The gold standard for identifying superficial fungal infections has traditionally been direct microscopy performed by the clinician, in conjunction with fungal culture (and sometimes histopathology) performed by a laboratory. Molecular techniques including PCR and MALDI-ToF are available for these infections but often have drawbacks such as lack of standardisation between laboratories, expensive equipment and suboptimal species libraries. Clinically-relevant non-dermatophyte species (e.g. Candida, Malassezia, Neoscytalidium) are omitted from some libraries, and others include clinically-irrelevant species that represent contamination.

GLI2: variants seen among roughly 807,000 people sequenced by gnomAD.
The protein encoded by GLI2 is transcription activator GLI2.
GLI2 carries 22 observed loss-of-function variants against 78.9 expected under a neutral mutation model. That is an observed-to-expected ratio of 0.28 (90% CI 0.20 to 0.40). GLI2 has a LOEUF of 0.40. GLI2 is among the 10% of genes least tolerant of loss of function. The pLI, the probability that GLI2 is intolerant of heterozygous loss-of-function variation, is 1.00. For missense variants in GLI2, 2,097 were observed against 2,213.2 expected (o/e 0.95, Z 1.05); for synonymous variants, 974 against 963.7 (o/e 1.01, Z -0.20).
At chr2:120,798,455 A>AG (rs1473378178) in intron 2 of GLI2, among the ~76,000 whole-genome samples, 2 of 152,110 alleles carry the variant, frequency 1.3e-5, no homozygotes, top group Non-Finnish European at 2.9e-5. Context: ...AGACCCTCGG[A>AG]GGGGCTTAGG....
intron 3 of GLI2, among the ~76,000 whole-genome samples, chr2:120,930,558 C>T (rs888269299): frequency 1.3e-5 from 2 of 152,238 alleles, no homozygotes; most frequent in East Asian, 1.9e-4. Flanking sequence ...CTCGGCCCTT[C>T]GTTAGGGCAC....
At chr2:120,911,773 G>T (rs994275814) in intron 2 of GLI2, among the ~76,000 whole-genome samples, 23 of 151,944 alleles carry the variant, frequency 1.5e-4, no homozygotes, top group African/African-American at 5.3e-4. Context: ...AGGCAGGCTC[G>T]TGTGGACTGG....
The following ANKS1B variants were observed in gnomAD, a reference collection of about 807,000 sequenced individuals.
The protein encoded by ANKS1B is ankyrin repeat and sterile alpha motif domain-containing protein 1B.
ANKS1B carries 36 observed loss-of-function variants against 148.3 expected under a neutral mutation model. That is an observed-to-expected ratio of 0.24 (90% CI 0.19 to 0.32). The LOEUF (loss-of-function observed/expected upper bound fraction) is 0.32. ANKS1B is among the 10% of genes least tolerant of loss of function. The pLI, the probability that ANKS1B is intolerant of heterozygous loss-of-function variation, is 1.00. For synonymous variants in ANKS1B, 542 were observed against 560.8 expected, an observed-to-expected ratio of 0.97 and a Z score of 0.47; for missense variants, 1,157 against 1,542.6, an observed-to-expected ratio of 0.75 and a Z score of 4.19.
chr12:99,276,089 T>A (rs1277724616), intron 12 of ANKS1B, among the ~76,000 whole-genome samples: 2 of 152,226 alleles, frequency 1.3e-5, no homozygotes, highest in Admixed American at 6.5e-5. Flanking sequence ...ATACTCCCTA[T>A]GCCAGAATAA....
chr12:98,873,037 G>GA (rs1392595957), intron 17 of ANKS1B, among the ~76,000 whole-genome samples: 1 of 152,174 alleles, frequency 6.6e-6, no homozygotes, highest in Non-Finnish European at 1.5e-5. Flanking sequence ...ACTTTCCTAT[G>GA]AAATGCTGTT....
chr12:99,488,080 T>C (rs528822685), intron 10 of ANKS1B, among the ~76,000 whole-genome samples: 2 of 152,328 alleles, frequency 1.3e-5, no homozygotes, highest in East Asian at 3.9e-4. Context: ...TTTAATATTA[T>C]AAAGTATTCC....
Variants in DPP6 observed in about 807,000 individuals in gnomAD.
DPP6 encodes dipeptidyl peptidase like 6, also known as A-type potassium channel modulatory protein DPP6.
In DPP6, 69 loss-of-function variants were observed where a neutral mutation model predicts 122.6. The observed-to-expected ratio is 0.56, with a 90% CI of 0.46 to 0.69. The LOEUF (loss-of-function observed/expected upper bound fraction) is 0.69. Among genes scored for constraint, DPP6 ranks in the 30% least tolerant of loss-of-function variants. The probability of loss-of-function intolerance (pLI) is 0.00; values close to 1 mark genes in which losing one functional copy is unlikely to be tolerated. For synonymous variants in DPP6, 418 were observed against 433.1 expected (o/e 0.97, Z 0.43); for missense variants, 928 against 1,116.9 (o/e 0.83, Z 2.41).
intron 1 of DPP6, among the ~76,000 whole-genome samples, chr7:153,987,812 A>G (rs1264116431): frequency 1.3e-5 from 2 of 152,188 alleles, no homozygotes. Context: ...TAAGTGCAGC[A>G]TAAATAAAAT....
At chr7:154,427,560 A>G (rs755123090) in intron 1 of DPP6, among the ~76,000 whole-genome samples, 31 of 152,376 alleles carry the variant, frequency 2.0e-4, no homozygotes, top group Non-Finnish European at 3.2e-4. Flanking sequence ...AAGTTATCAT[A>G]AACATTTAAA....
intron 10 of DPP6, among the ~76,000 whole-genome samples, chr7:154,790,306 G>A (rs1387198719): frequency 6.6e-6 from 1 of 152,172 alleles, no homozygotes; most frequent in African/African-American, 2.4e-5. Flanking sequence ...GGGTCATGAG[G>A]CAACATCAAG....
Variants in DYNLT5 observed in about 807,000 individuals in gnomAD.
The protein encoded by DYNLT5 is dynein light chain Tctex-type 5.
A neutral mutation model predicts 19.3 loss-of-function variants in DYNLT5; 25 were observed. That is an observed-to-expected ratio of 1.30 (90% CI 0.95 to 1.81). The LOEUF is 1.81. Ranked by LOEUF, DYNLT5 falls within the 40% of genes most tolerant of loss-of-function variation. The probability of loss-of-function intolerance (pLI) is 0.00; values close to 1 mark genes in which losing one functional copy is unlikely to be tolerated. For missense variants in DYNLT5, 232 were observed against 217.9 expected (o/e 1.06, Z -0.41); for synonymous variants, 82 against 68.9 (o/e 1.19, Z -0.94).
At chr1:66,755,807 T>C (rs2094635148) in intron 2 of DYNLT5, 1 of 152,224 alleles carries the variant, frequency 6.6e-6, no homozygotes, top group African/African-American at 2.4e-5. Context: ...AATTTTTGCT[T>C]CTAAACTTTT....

Dr Saunte and colleagues distributed an online questionnaire to members of the EADV mycology Task Force and other relevant dermatologists, with 45 respondents (primarily European)
- Only 27% used molecular methods in their daily practice
- Many wished that in vitro susceptibility testing was more widely available, as various species of Trichophyton have acquired resistance to terbinafine
- Mycological investigation is particularly important before starting systemic treatments
- Molecular methods are useful in establishing a diagnosis, but are of less value in assessing whether treatment was been successful because they detect both viable and non-viable fungal elements